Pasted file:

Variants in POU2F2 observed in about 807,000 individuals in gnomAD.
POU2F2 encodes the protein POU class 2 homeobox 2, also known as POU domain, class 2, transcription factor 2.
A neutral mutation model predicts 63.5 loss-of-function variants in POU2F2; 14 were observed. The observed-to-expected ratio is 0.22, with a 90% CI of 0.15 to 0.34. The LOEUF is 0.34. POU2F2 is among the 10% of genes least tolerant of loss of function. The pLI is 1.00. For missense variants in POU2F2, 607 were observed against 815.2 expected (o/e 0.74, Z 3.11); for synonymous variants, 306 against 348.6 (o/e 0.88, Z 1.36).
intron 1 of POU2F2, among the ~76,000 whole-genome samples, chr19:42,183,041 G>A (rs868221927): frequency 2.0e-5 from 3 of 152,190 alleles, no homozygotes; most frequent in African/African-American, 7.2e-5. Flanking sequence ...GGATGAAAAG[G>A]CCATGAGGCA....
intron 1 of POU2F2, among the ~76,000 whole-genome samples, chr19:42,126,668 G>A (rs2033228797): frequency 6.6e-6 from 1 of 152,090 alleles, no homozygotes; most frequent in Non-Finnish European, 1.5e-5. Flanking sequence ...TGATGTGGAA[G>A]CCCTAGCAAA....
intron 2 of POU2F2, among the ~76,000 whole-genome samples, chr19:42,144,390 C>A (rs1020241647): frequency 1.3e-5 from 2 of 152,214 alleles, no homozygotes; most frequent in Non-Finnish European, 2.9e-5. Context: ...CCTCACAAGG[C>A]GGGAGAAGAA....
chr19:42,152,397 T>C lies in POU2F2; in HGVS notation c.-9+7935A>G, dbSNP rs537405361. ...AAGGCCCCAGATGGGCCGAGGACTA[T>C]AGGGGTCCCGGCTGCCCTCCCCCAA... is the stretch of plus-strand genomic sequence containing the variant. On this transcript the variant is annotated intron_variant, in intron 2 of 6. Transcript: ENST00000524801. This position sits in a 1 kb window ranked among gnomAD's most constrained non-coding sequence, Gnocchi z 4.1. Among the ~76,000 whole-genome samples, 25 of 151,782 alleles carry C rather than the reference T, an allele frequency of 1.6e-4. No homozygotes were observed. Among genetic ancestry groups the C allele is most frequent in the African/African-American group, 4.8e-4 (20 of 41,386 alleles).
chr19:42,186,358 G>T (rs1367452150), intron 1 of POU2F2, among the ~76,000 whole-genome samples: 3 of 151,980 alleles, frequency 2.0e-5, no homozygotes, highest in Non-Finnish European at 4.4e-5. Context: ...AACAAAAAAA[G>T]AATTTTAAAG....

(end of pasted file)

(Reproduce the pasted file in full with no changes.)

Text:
Variants in POU2F2 observed in about 807,000 individuals in gnomAD.
POU2F2 encodes the protein POU class 2 homeobox 2, also known as POU domain, class 2, transcription factor 2.
A neutral mutation model predicts 63.5 loss-of-function variants in POU2F2; 14 were observed. The observed-to-expected ratio is 0.22, with a 90% CI of 0.15 to 0.34. The LOEUF is 0.34. POU2F2 is among the 10% of genes least tolerant of loss of function. The pLI is 1.00. For missense variants in POU2F2, 607 were observed against 815.2 expected (o/e 0.74, Z 3.11); for synonymous variants, 306 against 348.6 (o/e 0.88, Z 1.36).
intron 1 of POU2F2, among the ~76,000 whole-genome samples, chr19:42,183,041 G>A (rs868221927): frequency 2.0e-5 from 3 of 152,190 alleles, no homozygotes; most frequent in African/African-American, 7.2e-5. Flanking sequence ...GGATGAAAAG[G>A]CCATGAGGCA....
intron 1 of POU2F2, among the ~76,000 whole-genome samples, chr19:42,126,668 G>A (rs2033228797): frequency 6.6e-6 from 1 of 152,090 alleles, no homozygotes; most frequent in Non-Finnish European, 1.5e-5. Flanking sequence ...TGATGTGGAA[G>A]CCCTAGCAAA....
intron 2 of POU2F2, among the ~76,000 whole-genome samples, chr19:42,144,390 C>A (rs1020241647): frequency 1.3e-5 from 2 of 152,214 alleles, no homozygotes; most frequent in Non-Finnish European, 2.9e-5. Context: ...CCTCACAAGG[C>A]GGGAGAAGAA....
chr19:42,152,397 T>C lies in POU2F2; in HGVS notation c.-9+7935A>G, dbSNP rs537405361. ...AAGGCCCCAGATGGGCCGAGGACTA[T>C]AGGGGTCCCGGCTGCCCTCCCCCAA... is the stretch of plus-strand genomic sequence containing the variant. On this transcript the variant is annotated intron_variant, in intron 2 of 6. Transcript: ENST00000524801. This position sits in a 1 kb window ranked among gnomAD's most constrained non-coding sequence, Gnocchi z 4.1. Among the ~76,000 whole-genome samples, 25 of 151,782 alleles carry C rather than the reference T, an allele frequency of 1.6e-4. No homozygotes were observed. Among genetic ancestry groups the C allele is most frequent in the African/African-American group, 4.8e-4 (20 of 41,386 alleles).
chr19:42,186,358 G>T (rs1367452150), intron 1 of POU2F2, among the ~76,000 whole-genome samples: 3 of 151,980 alleles, frequency 2.0e-5, no homozygotes, highest in Non-Finnish European at 4.4e-5. Context: ...AACAAAAAAA[G>T]AATTTTAAAG....